I’m glad to learn that Hunter Biden will take responsibility for mistakes he made while he was in the throes of a cocaine addiction. He’s admitting to not paying taxes in 2017 and 2018, and also to lying about his drug use on an application for a gun license. Getting this behind him will actually help in his recovery and, provided he abides by the terms of his probation, he should not do any jail time. His case was investigated by a Trump-appointed U.S. Attorney from Delaware, and this should be the end of the controversy, but we know that the right will never stop exploiting Hunter’s addiction. They’ve convinced theirselves that he’s a monster rather than a flawed individual who is trying to atone for some deplorable behavior and get his life back together.

You can see this pattern at work in former Attorney General William Barr’s effort to talk reason to the right about the seriousness of the documents charges against Donald Trump. In order to have any credibility with the right, Barr feels it necessary to concede that there has been a double standard with respect to how Trump has been treated and how Hillary Clinton and Hunter Biden have been treated. Of course, he wrote the piece prior to learning that Hunter will face charges.

Rather, the argument advanced by Trump’s defenders is that, even though Trump’s conduct was indefensible and likely a serious crime, Hillary did the same thing. And it’s unfair that Hillary got away with it.

But if Trump engaged in the kind of brazen criminal conduct alleged, then applying the law in his case is not unfair to him. The injustice lies in not having applied it seven years ago to Hillary. You don’t rectify that omission by giving future violators a free pass. You rectify it by applying the right standard to the case at hand, and insisting it is applied to comparable cases going forward. Here, that means ensuring the same standard is applied in the pending investigations of Hunter Biden and President Biden’s handling of classified documents.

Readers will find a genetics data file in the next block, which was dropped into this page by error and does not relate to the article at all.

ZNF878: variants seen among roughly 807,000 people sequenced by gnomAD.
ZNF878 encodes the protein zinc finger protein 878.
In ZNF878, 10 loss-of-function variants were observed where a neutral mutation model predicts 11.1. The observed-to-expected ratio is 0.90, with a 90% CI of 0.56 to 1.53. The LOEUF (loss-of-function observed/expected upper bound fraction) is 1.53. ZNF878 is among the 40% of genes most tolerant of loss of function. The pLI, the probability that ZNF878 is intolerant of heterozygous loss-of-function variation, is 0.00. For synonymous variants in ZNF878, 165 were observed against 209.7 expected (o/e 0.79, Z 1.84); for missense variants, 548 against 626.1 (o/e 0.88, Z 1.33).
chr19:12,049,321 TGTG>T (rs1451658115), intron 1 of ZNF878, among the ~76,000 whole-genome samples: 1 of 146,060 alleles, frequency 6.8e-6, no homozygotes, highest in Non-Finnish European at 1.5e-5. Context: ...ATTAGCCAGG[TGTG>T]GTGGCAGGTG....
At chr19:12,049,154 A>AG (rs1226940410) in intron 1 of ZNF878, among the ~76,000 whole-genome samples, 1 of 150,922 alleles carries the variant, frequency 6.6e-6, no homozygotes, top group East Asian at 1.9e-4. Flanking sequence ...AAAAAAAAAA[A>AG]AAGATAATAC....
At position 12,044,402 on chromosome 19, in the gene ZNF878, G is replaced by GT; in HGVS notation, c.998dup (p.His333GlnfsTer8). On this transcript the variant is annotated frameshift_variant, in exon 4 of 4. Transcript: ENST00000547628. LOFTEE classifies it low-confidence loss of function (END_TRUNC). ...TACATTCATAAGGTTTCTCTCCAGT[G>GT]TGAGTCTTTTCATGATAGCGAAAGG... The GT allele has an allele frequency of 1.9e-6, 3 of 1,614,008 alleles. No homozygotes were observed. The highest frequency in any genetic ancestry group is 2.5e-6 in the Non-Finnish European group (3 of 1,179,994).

You can see the rhetorical strategy here. Barr is saying that Trump’s crimes are obvious and serious, and you can’t wipe that away by saying “what about Hillary and Hunter?”

For my part, I’ve always taken Hillary’s cavalier handling of information security more seriously than most on the left. I didn’t disagree with the government’s determination that she was reckless and I thought Trump was within his rights to make it a major campaign issue. That didn’t mean I thought she should be “locked up,” but it was a real knock against her otherwise sterling credentials to serve as president of the United States. Of course, now that we’ve seen how Trump handled sensitive documents both in and out of office, it’s obvious she was the better choice on the issue.

As for Hunter, I’ve always seen his treatment as just opportunistic and cruel. I feel kind of protective of Joe Biden considering the monumental family tragedies he’s endured, and it pains me to see Hunter’s substance abuse problems used politically to go after his father. I know this plea agreement won’t put an end to this, but it will drain some of the energy out of it. I think it will ultimately be beneficial for Hunter, too, on his road of recovery.

The “what about Hunter?” argument will have less plausibility as a defense of Trump now that the DOJ has shown itself unafraid to charge the president’s son. And the right should heed Barr’s warning: “Many loyal Republicans have instinctively rushed to the ramparts to defend Trump. I understand that impulse. But with each new revelation, they look more and more foolish.”

The key is that Trump could easily have received less than a “slap on the hand” if he had relented and turned over the classified information. He chose to commit serious felonies instead.

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